Typically, a trained professional can more safely and humanely handle tricky procedures and temperamental or frightened animals. (Removing severe mats should always be done by an experienced groomer to avoid accidental cuts.) Keep in mind, however, that professional groomers aren't miracle workers; it's up to you to stay on top of your pet's grooming needs.

Finding a groomer

Start with a recommendation from a friend, veterinarian, boarding kennel, dog trainer, pet supply store, or animal shelter. Check online or in the Yellow Pages under "Pet Grooming." You can also contact the National Dog Groomers Association of America.
Some groomers are registered or certified by a grooming school or professional association, but no government agency regulates or licenses pet groomers. Check with your local Better Business Bureau to see if any complaints have been lodged against a grooming facility. Then, after narrowing your search, call groomers to ask about services, costs, and hours of operation. Also request the names of a few current clients to interview.

Evaluate a grooming facility

Before selecting a groomer, tour the facility. Here are some factors to consider during your evaluation:
  • Is the facility well-lit? 
  • Does it look and smell clean? 
  • Does the staff appear knowledgeable and caring? Do they handle pets gently? 
  • Are cages adequately sized? Are dogs and cats caged in separate areas? 
  • Are pets monitored regularly to prevent overheating during blow-drying? 
  • Does the groomer keep complete pet records (including grooming, medical, vaccination, and emergency contact information)?

How much does grooming cost?

Grooming costs vary depending on where you live, your pet's species and size, the severity of matting, and the simplicity or difficulty of the cut. Fees for a shampoo and brushing and/or cut can range between $40 to $60, depending on those factors. More extensive grooming services cost more. Expect to pay more for mobile grooming services that come to your home.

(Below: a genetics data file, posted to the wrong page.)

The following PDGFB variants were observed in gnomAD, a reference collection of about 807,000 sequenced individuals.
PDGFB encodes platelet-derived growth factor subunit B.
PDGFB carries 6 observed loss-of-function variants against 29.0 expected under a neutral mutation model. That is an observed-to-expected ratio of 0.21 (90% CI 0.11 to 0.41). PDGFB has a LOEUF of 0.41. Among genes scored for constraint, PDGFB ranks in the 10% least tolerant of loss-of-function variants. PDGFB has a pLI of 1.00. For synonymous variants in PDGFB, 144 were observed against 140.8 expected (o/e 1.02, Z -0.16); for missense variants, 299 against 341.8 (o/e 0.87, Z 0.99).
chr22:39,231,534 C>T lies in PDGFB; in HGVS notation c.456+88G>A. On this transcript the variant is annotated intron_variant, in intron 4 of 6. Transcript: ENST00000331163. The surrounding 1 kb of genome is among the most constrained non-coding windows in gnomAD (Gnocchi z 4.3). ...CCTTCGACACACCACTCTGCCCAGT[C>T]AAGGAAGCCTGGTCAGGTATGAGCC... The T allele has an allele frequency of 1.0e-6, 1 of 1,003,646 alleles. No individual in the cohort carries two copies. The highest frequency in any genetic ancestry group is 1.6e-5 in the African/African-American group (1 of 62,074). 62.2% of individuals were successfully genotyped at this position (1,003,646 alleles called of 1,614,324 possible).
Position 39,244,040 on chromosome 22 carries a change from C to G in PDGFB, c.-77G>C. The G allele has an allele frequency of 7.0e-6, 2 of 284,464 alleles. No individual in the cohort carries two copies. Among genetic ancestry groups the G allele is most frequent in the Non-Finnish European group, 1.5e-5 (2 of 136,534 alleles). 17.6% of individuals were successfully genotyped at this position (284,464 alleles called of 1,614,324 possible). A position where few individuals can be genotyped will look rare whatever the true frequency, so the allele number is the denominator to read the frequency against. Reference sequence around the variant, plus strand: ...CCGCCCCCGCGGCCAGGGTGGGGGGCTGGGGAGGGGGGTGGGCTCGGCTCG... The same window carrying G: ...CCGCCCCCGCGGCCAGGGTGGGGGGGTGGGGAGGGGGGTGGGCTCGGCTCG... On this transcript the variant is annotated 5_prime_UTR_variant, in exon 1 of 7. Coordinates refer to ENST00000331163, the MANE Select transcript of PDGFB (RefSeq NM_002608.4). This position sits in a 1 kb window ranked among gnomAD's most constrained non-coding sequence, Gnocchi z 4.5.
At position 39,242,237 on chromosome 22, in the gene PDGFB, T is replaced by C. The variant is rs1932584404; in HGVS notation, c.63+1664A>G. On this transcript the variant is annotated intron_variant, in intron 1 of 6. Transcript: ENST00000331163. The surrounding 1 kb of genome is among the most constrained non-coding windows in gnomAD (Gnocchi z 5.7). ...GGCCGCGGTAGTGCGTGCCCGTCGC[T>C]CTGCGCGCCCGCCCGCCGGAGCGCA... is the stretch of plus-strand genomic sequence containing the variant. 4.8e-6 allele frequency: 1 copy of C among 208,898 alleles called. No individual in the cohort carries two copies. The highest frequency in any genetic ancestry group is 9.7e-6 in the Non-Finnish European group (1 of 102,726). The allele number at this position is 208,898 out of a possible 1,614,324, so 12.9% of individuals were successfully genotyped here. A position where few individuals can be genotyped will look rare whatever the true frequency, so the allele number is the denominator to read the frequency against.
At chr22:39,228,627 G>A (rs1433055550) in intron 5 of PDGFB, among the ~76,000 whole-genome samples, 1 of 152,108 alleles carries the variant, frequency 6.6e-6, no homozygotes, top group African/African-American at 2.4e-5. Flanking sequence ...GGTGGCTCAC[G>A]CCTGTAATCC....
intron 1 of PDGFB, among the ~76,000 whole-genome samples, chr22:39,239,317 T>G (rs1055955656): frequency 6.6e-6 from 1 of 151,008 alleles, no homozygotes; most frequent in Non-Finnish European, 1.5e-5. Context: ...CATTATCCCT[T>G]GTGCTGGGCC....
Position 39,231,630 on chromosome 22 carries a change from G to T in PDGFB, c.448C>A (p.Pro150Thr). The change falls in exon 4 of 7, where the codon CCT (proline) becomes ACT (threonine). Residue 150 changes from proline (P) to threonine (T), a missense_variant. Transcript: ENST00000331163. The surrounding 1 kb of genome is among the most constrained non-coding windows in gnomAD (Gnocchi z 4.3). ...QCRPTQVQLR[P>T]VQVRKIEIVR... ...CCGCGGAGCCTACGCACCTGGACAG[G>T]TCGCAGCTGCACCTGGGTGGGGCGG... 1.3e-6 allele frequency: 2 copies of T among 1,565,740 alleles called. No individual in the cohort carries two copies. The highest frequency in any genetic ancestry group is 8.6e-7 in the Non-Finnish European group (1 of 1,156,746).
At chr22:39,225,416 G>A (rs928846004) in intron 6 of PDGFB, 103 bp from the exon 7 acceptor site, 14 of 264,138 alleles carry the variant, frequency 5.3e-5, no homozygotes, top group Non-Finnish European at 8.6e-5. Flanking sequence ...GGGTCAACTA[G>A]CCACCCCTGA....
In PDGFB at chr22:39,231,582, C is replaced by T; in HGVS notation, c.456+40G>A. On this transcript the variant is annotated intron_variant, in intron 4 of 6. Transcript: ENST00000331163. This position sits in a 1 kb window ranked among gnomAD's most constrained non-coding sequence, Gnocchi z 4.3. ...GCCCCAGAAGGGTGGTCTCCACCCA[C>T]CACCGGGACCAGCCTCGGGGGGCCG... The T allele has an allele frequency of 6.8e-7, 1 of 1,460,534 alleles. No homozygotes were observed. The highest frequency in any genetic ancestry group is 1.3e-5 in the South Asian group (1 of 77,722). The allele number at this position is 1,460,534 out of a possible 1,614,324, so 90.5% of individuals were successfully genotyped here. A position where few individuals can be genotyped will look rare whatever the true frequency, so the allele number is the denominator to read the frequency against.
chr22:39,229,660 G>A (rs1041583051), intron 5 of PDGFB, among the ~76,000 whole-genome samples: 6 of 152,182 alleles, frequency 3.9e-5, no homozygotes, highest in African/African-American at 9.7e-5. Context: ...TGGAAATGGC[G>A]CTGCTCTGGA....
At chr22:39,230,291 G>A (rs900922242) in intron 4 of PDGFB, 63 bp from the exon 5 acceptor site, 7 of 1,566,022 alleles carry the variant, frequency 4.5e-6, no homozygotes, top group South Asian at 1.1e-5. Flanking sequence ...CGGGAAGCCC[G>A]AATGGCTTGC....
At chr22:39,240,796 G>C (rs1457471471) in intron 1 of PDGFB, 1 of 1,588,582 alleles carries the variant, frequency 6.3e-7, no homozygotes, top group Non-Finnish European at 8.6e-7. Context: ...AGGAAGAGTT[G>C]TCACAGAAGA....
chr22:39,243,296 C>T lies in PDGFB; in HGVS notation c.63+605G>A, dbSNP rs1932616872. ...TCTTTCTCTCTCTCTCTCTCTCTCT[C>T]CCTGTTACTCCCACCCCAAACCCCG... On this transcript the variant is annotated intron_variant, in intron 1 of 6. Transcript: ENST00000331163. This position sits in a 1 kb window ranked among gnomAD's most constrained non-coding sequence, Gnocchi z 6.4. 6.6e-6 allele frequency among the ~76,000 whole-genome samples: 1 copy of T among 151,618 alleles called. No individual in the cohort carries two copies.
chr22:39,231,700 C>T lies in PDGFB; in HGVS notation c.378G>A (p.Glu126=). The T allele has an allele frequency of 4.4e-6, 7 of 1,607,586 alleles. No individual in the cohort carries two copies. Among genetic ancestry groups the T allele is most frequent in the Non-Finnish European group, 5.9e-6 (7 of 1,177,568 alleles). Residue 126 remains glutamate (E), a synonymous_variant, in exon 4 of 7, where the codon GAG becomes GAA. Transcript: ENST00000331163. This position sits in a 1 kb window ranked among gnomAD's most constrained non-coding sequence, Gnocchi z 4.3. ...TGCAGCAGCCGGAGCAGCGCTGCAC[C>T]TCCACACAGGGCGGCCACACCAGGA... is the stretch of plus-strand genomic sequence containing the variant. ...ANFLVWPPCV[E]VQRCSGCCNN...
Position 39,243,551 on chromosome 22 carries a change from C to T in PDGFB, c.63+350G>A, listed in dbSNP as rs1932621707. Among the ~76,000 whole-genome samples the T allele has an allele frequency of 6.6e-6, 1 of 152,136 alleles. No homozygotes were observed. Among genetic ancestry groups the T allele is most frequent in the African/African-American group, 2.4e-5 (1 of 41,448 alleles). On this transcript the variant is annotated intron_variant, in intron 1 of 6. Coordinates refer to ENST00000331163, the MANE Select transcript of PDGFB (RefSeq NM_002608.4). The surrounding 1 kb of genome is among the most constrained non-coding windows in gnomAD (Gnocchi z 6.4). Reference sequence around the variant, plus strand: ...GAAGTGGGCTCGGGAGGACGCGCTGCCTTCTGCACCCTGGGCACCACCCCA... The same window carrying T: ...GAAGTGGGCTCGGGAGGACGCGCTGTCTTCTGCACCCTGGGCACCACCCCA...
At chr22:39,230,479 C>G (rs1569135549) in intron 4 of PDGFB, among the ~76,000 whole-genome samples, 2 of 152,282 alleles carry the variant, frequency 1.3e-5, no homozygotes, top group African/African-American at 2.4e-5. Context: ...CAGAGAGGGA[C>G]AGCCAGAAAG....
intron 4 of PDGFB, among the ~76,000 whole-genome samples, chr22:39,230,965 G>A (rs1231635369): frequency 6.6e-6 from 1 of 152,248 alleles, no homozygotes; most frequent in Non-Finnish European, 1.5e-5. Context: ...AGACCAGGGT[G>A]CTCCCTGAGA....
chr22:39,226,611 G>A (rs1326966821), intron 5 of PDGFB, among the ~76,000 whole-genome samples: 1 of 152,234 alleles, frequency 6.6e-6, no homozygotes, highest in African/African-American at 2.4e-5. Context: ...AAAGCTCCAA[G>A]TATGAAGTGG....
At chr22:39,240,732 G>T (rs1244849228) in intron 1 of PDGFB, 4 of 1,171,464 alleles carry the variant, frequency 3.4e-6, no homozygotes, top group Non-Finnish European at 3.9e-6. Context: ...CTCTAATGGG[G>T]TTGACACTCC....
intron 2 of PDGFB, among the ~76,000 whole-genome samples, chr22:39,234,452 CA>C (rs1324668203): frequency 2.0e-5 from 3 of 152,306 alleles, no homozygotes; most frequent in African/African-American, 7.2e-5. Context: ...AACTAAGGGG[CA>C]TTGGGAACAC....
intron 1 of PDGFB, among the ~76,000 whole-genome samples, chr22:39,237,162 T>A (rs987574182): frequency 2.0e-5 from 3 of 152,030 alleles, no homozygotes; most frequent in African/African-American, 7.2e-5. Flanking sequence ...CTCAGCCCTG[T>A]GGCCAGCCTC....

How to ease your pet's fears

It's important for your pet to tolerate being groomed, regardless of how often you take him to a professional. To train your pet, groom him briefly when you're both relaxed. For example, begin by gently massaging his coat each morning as you feed him. Gradually introduce a brush or comb. Each day, increase the grooming time and work on different areas. Reward your pet for cooperating. The more comfortable your pet feels with home grooming and around strangers, the better he'll tolerate professional grooming.

Preparing for the first visit

For the health and safety of both your pet and the groomer, make sure your pet is up-to-date on veterinary treatment, including vaccines and sterilization. Spayed and neutered pets are generally calmer, and sterilized dogs are less likely to bite. (Sterilized pets also enjoy many health benefits and do not contribute to pet overpopulation.)
A pet who is particularly nervous or difficult to handle makes the grooming process stressful for both your pet and the groomer. If this sounds like your pet, work with an animal behavior specialist or dog trainer.

Give them the 411

When making the appointment, inform the groomer about your pet's needs. To provide special handling, the groomer must know in advance whether your pet is geriatric or has a chronic health condition.
Also warn the groomer about any habits that could interfere with safe and successful grooming. Keep in mind that groomers are not licensed to dispense tranquilizers; if your pet needs sedation to be groomed, find a veterinarian who employs a groomer.

Short and sweet goodbyes

Finally, when you drop your pet off at the groomer, bid your pet good-bye quickly: Emotional departures will increase your pet's stress level. When you pick up your pet, both of you will enjoy that clean, mat-free coat that makes pets—and their people—more comfortable.